When Truck Campers are on a road trip
When truck campers are traveling on a road trip, is it better to use cash, debit card(s), or credit card(s)? Do you know what a fraudulent card reader looks like at an ATM or service station fuel pump? What does the skimming of a card have anything to do with a road trip?
Warning to Truck Campers – Fraudulent card readers frequently appears at service stations and ATMs near Interstate Highways. Why? It is easier for the criminals to make their quick get-a-away and get lost in traffic on the Interstates.
In January 2020, the Secret Service reported removing credit/debit card skimmers at service stations pumps nationwide at the rate of 20 to 30 skimmers a week. The average skimmer contains account information from about 80 cards.
USING Cash HAS BENEFITS
- Cash is convenient and accepted everywhere.
- You might even save some money if the gas station provides discounts for using cash instead of a card.
THE OTHEr SIDE OF USING Cash
- Carrying coins and paper money is a security risk. When stolen, you cannot replace it. The key is to have just a small amount of cash on hand and a backup of money stashed away in a safe location.
USING Debit card
- Debit cards are easy to use, carry nominal fees, and are quickly canceled if lost or stolen. In addition, the cards can use them to retrieve cash at an ATM and are all-around less bulky than carrying cash on your hip.
THE NEGATIVE OF Debit card
- The most troublesome aspect of debit cards is the lack of protection policies, at least when compared to credit cards. Debit cards are linked DIRECTLY to your bank account.
- If the ATM is outside of your banking network, an additional fee could be charged by your bank.
- Your liability for your loss when a fraudulent debit card transaction occurs depends on how quickly you report the problem to your bank.
- Suppose you report an unauthorized transaction or the loss of your debit card before a transaction is processed. In that case, your liability is if you report the problem within two days after receiving your statement, your liability is $50. From two to 50 days after receiving your statement, your liability is $500. If you report a problem more than 60 days after receiving your statement, you are out of luck. The 60-day reporting limit applies even if your card is in your possession.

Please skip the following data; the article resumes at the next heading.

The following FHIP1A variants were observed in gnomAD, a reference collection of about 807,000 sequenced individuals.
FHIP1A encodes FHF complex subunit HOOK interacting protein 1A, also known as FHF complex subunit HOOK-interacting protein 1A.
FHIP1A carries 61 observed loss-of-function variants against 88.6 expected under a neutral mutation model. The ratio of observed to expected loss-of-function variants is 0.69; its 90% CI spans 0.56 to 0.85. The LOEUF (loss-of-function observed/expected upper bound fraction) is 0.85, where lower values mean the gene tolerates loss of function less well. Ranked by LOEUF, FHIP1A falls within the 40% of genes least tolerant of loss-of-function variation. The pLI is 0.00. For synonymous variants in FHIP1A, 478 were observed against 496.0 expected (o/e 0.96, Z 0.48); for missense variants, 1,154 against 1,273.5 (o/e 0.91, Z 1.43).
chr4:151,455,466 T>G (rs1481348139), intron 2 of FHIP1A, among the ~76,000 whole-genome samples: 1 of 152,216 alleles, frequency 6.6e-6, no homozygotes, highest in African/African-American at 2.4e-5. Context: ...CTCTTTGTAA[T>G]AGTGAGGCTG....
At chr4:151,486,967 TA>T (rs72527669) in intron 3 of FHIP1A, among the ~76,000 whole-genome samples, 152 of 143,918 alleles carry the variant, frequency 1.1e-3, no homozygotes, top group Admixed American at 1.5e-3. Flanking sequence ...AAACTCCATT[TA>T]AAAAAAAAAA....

- Debit card transaction-related issues involve security holds placed on the card by the card company or banks. These temporary holds are used as a type of security deposit, resulting in tying up actual cash from your checking account. It is like your money is being held, hostage. Tom Harkin, chief strategy officer for Secure Identity Systems (an issuing card financial institution), says, “…the hold will be placed on the funds in your bank account until the appropriate charge is processed. This hold could be as long as six to eight days, and those funds will not be available for use. If this occurs a few times, there could be no funds left for legitimate purchases, and no additional authorizations will be allowed.”
- Because you need a personal identification number (PIN) to complete a debit card transaction, this type of fraud also includes stealing your PIN.
- Skimming is the theft of your card’s magnetic stripe data using a portable device or a reader that attaches outside or inside an ATM or at the fuel pump. Combined with theft of your PIN via a camera, fake keypad, or direct observation
- Theft of your card’s magnetic stripe data and PIN can occur when your card becomes stuck in the card reader, which, in turn, will prompt to ask you to re-enter your PIN.
- Check each card reader before you use it if you see a plastic device that looks as though it has been inserted into the card reader or see duplicate security cameras TUG on the card reader.
When in doubt, use a different ATM or service pump.
USING YOUR Credit card(S)
- Credit cards can make it easier to make purchases. Credit cards may also offer you additional protection if something you have bought is lost, damaged, or stolen.
- Premium credit cards offer higher credit limits and usually have extra features, such as product warranties, purchase protection, travel insurance, and emergency services.
- You may get rewards and perks when you use your credit cards.
- “Almost all reputable credit cards offer some form of fraud protection – which means you aren’t responsible if your card is stolen and someone runs up big bills,” said April Lewis-Parks, director of education for Consolidated Credit
- The Fair Credit Billing Act (FCBA) protects customers when fraudulent transactions are made to a credit card account. Under federal law, if unauthorized charges are made with your credit card, the maximum amount you can be liable for is $50
- As a preventive measure, you can also set up transaction alerts that can help you spot fraud by notifying you when your card is charged over a certain amount.
THE OTHER SIDE OF Credit card
- The disadvantage of credit cards is how easy they are to use and encourage people to spend money that they do not have.
For all CARDS
- Alert your bank that you will be traveling. Include the dates you will be away and your destination. Otherwise, your bank could freeze your account if they are alerted to a transaction in a location far from your home. Banks do this to protect your account from theft, but it can be inconvenient if you travel.
- Provide a contact number for your bank to reach you if they have any concerns about your debit card activity. A cell number is best.
- Find out whether your bank charges a fee to use another bank’s ATM
- Update your bank’s telephone contact list and credit card fraud department with you before your trip.
The Secret Service provides additional information on how to protect you and your family from credit card fraud at
Any suggestions or comments – good or bad – don’t hesitate to contact us at
firstname.lastname@example.org. Thank you.